The Barchan Earflap Hat is named after the horseshoe-shaped snowdrifts called barchans. Worked from the top down with a provisional cast-on, this ribbed hat has a seamless construction with no short rows or stitches to pick up. The slouchy version of the hat is shown, but the pattern can be easily adapted for a beanie style, with or without earflaps.
I’m in love with the Lana Grossa Fur Pom Pom from The Trendsetter Yarn Group. It attaches easily with a snap which you stitch onto the hat. It’s just so soft and fuzzy and gorgeous!
I used the beautiful worsted wool I bought in Dresden, Germany a few years ago at The Green Wheel. I love having yarn as a souvenir. It was so much fun to relive a little bit of that amazing trip!
One Short Week, One Beautiful Hat, One Fabulous Prize
The hat is made with two strands of bulky yarn held together to create luxurious cables, so bulky you only use your cable needle for three rounds. To make this hat even more grand add a big fluffy pompom or attach a fur pompom for a trendy fashion statement.
For the sample, I used two strands of Rowan Cocoon Yarn held together, the same color for the brim and two different colors for a marled effect in the body of the hat.
My preoccupation with Scotland and all things Scottish continues with my new pattern, Grand MacAlpine Stole. I am a proud descendant of the Clan MacAlpine and used the clan tartan as an inspiration for the design. Worked with two strands of Rowan Yarns Kidsilk Haze held together, this project is great for someone who’s looking to learn or improve their intarsia skills.
I also did a little digging and found out some cool history on the MacAlpines.
There is an old Gaelic saying: Cnuic `is uillt `is Ailpeinich which translates to Hills and streams and MacAlpine. In other words, the MacAlpines were created alongside the hills and streams of Scotland.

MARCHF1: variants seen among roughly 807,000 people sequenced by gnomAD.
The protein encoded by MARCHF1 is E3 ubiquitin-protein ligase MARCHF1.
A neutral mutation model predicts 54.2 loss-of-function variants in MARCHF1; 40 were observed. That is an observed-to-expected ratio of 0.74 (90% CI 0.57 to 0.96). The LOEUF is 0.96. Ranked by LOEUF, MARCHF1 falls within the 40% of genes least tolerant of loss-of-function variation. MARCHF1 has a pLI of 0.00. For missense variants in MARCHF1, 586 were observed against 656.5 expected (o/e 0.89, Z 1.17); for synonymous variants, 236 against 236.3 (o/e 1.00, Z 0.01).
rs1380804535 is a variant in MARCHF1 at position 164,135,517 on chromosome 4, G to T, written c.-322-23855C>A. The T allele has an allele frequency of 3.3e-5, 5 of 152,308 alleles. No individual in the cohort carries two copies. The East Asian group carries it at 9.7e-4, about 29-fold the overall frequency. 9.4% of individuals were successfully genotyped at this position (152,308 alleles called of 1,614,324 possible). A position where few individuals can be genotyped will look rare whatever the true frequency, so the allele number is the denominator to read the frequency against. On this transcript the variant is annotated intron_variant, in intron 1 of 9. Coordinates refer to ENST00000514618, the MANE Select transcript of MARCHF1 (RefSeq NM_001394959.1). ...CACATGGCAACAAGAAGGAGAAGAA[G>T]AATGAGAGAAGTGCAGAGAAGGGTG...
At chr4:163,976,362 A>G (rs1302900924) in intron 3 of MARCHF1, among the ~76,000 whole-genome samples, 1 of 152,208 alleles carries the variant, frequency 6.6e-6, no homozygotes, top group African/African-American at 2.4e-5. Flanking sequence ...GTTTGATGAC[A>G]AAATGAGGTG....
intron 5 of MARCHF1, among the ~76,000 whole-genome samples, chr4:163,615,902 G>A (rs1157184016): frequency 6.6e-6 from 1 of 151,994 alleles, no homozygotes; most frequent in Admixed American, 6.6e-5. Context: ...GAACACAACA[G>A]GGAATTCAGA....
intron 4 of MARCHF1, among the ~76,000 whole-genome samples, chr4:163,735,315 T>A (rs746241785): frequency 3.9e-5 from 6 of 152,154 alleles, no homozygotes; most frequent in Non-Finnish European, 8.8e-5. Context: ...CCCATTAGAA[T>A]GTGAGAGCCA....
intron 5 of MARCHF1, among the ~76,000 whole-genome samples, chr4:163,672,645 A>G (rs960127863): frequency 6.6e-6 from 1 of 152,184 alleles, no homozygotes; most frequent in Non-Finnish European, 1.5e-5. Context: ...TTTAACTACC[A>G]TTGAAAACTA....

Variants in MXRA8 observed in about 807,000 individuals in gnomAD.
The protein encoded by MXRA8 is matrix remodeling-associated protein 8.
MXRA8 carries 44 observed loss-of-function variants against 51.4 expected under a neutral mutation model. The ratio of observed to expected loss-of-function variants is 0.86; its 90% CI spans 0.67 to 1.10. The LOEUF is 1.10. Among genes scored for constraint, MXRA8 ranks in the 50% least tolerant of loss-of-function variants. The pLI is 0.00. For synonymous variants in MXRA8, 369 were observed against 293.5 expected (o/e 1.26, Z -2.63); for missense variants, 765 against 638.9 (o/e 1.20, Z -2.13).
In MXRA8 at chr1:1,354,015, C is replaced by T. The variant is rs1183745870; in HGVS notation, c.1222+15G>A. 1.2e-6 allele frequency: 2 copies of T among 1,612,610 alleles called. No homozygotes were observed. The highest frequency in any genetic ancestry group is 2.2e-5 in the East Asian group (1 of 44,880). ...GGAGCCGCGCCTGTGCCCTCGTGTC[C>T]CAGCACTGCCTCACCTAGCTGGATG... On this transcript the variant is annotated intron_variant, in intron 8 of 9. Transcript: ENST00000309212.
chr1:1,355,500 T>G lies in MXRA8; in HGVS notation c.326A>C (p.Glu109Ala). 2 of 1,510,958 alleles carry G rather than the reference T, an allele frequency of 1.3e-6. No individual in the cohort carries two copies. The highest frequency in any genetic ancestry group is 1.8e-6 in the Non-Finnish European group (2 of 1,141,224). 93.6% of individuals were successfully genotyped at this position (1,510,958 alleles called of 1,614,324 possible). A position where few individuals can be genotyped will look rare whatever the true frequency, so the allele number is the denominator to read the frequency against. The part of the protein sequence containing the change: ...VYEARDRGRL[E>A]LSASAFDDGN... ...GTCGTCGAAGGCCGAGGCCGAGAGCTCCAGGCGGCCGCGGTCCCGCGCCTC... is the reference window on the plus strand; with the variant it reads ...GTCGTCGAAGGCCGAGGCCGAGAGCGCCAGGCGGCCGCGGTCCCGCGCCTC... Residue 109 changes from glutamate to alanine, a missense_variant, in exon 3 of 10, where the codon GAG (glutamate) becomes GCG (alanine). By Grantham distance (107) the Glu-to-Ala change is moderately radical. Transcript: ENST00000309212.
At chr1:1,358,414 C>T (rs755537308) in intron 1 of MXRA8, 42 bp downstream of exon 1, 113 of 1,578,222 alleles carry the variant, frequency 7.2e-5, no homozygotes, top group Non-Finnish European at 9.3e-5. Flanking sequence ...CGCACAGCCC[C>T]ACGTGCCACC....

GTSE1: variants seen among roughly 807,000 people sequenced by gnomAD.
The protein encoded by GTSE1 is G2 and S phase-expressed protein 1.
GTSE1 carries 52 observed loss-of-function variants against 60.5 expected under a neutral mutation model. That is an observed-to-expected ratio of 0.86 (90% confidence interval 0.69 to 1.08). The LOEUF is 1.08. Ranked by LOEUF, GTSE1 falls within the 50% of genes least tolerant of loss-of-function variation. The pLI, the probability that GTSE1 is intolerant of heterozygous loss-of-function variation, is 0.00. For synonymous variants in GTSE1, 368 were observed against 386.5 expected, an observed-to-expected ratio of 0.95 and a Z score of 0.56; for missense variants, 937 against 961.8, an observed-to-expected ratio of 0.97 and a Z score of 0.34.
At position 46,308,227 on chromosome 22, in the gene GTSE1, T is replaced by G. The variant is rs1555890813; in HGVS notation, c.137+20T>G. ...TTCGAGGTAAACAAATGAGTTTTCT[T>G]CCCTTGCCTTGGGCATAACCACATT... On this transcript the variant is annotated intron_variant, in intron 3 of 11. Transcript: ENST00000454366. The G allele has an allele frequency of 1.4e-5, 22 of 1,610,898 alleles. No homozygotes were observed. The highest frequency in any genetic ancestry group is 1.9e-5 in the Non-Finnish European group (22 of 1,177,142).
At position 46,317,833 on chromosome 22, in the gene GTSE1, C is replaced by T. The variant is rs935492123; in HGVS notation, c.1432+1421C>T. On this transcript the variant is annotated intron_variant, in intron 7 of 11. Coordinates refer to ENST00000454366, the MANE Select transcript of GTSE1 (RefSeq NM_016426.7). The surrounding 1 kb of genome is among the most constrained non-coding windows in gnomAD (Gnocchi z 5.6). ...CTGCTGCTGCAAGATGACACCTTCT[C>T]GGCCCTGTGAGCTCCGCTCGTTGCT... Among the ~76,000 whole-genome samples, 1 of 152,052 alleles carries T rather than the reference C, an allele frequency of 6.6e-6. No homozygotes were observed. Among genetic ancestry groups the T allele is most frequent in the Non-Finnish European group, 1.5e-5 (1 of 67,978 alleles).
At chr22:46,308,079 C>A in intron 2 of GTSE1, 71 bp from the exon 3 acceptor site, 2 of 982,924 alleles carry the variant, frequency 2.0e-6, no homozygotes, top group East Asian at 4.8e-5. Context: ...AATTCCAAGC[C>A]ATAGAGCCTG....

Tradition claims MacAlpine as the oldest and most purely Celtic of the Highland Clans. You can read more about the Clan MacAlpine here.
The Caribou-Targhee National Forest spans over 2.63 million acres, much of which is a part of the Greater Yellowstone Eco System in Idaho and Wyoming. A small part of this forest, the Jedediah Smith Wilderness is less than five miles from my home in Alta, Wyoming. All summer, the wilderness area rewards our months of snow and cold with a stunning abundance of mountain wildflowers.
This fair isle, fashioned in a tube then grafted together to form a circle, is made for winter. I really enjoyed working with Blue Sky Fibers Baby Alpaca. The luxurious warmth and silky softness of this fiber is heaven to knit! It’s perfect to wear on those cold days when you’re dreaming of summer and mountain wildflowers.
If you’re feeling a little intimidated by grafting the tube using kitchener in the round, here’s a great video to get you through it and weave in the ends as well!